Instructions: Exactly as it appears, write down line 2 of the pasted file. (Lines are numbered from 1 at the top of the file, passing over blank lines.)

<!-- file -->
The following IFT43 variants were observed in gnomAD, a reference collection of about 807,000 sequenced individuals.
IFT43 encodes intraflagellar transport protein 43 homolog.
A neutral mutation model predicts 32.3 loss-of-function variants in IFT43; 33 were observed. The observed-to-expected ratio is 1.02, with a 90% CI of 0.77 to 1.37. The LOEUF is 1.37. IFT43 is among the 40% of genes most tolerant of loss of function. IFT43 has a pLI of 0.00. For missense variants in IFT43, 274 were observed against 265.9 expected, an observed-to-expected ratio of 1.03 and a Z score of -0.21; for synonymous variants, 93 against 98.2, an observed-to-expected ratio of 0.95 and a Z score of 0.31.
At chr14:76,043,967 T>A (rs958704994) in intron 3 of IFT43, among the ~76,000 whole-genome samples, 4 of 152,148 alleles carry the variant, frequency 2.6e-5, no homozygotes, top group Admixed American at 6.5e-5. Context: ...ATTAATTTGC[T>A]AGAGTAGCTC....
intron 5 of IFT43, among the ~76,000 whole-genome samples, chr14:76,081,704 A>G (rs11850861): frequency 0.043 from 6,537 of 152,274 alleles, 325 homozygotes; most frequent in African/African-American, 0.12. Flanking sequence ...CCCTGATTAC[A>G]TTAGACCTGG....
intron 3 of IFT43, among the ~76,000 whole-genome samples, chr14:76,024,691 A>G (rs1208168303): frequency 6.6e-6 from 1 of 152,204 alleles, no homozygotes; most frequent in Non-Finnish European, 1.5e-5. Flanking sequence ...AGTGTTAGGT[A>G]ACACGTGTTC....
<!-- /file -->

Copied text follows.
IFT43 encodes intraflagellar transport protein 43 homolog.